EDITORIAL:A fork in the COVID road appears on the horizon in Ontario

So, by the time you read this in its hard copy or electronic form, Minister of Education Stephen Leece and Ontario’s Chief Medical Officer of Health Dr. Kieran Moore will have likely told parents of school aged children from across the province that in class learning will resume this Monday. Yesterday’s expected announcement from Minister Lecce falls in line with what Doug Ford said Jan. 3 as the Premier pledged students would be returning to class Jan. 17.

It seems now, despite Omicron surging and the province in its steepest COVID wave, enough lead time has passed to distribute N95 masks and deploy more than 3,000 HEPA filters to classrooms across the province. Online learning is not everyone’s cup of tea and the overwhelming majority of parents and their students will be happy to shed the shackles of the virtual classroom.

But how safe will in-person learning be during Omicron? Will students and their teachers be protected? Are the new safety measures and extra lead time for further vaccination going to be enough? Is the province’s position Omicron not as deadly as Delta? Given inconsistent manner in which the province has approached online vs. in-person learning over the last two weeks, you can forgive us if we have concerns that without a detailed back-to-school plan being presented, this feels like this government is ready to allow Omicron to run wild through mostly vaccinated school populations and let the chips fall where they may.


It feels we might be late to the party on proposed County of Prince Edward procedural bylaw changes due to come before the Committee of the Whole later this month but as a scrivener not too far removed from marathon meetings at Shire Hall, observed from the most cramped media table in the province, perched upon chairs that would make someone’s back hurt by simply gazing over them, we figure our two cents is enough legal tender to enter the discussion. It was former Mayor Leo Finnegan that warned an informal audience one day about lengthy meetings that ran until into the late of the evening, stating off the cuff that at midnight, a member of the horseshoe might agree to just about anything in order to hear the word “adjourned.”

So the thrust to limit council meetings to three hours-unless extended by a majority vote- and curtail the number of deputations is not lost on this corner, particulary when talking points are belabored and it seems to some sides on contentious issues that quantity over quality should win the day.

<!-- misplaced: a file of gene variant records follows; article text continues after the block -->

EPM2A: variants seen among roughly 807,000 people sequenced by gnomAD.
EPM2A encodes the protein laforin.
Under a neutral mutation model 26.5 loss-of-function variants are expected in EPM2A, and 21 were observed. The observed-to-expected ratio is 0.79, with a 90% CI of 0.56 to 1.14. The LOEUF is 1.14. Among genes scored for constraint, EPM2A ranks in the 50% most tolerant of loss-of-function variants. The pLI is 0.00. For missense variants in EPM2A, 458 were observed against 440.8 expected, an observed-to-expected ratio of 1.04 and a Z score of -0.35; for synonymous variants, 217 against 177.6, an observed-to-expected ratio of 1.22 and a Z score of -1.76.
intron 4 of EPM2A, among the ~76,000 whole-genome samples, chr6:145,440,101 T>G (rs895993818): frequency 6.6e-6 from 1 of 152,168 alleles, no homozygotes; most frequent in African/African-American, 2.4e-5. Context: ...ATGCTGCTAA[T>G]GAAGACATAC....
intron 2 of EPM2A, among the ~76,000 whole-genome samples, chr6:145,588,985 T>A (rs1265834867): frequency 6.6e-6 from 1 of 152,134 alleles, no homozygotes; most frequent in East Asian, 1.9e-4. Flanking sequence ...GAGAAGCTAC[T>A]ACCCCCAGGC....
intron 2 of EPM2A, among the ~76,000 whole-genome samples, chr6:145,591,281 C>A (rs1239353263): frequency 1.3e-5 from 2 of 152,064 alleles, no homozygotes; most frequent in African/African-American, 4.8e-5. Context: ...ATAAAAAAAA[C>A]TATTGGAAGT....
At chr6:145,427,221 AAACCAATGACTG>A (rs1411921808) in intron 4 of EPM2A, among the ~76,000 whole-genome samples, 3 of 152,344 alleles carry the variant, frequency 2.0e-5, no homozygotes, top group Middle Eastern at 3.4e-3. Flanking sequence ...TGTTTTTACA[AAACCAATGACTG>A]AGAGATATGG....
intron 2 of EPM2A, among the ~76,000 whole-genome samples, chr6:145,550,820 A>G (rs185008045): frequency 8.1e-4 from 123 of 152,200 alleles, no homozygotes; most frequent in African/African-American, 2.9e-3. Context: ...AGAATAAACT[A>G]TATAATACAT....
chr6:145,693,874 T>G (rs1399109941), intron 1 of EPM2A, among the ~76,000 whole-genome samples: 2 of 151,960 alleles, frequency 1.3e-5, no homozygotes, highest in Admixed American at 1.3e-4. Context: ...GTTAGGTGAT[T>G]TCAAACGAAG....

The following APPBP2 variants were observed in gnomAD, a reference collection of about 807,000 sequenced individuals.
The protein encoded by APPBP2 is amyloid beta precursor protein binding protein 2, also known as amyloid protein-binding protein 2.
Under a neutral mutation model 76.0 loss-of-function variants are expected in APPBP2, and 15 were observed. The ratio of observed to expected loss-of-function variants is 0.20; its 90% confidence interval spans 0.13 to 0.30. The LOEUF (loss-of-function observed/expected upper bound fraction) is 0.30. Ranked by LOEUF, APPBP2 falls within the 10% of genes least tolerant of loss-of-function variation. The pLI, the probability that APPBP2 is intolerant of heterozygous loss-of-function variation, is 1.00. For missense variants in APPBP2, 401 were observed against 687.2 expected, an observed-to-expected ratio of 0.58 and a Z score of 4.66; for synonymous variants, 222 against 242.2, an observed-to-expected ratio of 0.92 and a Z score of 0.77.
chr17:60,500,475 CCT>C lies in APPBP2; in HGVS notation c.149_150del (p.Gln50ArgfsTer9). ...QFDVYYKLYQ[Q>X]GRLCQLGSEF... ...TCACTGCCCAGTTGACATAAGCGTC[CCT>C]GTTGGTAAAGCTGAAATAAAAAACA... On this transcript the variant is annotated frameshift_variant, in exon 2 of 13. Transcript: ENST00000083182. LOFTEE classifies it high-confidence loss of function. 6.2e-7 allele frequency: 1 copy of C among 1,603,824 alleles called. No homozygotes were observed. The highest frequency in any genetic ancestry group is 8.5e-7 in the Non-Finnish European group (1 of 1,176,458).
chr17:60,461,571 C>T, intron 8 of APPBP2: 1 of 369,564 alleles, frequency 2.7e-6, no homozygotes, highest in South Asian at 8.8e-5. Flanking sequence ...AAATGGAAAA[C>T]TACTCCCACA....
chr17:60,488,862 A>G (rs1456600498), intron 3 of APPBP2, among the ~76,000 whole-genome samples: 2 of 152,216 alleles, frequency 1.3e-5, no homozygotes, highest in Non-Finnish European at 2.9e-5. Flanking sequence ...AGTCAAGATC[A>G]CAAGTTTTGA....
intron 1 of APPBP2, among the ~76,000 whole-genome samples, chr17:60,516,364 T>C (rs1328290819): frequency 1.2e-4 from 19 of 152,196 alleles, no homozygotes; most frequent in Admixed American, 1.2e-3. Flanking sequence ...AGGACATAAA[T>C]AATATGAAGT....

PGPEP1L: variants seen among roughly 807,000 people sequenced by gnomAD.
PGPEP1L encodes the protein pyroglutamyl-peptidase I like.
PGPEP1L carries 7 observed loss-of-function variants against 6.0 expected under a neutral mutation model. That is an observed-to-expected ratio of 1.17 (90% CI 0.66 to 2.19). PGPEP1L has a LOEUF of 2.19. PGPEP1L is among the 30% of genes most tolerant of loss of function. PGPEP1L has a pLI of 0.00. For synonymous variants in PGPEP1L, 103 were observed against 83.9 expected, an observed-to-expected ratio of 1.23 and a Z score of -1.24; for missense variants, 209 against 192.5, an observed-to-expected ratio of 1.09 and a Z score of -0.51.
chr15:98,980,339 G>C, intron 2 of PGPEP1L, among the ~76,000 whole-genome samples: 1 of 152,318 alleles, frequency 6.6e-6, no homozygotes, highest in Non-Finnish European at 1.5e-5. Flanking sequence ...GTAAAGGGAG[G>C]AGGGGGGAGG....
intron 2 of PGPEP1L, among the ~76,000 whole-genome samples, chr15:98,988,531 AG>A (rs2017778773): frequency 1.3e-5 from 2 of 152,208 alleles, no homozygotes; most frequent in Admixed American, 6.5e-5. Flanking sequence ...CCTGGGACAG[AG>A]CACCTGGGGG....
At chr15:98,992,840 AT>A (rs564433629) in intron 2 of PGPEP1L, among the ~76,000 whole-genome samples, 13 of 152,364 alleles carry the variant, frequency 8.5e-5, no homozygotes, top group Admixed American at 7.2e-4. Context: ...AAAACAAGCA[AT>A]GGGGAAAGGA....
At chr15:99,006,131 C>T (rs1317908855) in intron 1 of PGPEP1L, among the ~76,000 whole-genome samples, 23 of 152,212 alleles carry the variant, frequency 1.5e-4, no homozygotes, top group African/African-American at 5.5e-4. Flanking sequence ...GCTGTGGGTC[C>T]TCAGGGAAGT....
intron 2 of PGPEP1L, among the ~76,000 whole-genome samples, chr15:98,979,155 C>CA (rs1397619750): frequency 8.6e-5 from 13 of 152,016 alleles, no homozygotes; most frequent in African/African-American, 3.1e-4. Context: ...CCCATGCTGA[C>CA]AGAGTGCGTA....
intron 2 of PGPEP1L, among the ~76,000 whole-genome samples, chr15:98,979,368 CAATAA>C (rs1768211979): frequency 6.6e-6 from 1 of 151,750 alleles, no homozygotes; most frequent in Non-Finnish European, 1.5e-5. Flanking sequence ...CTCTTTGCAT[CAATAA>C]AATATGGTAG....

In a perfect world, opponents and proponents would gather separately prior to a meeting, go over their respective talking points and eliminate the duplicate material.

But a perfect democracy is anything but. It’s nurtured and exists in an accessable and transparent crucible that has no interest in brevity or any other type of limitation.

How the consultants Amberley Gavel and County Staff could land on a total of three deputations per meeting will likely come out at the Jan. 26 Special Committee of the Whole meeting and while there are some thoughtful revisions to a few elements of the procedural bylaw when it comes to aligning with legislation and advancing inclusion and accessibility, limiting input, restricting the number of questions councillors can pose and other blunting tools in the encouraging more efficient meetings panel is damaging and would further disconnect County residents from their most important level of government.

-Jason Parks



READY, STEADY, GO! – (From front left) Casper, Fenix and Raven Chetwynd tried their luck at the Mary St. parking lot hill recently prior to a brief warm up that revealed the green grass underneath. Far more frigid temperatures and snow in the forecast means the local slope will be busy again this weekend. (Jason Parks/Gazette Staff)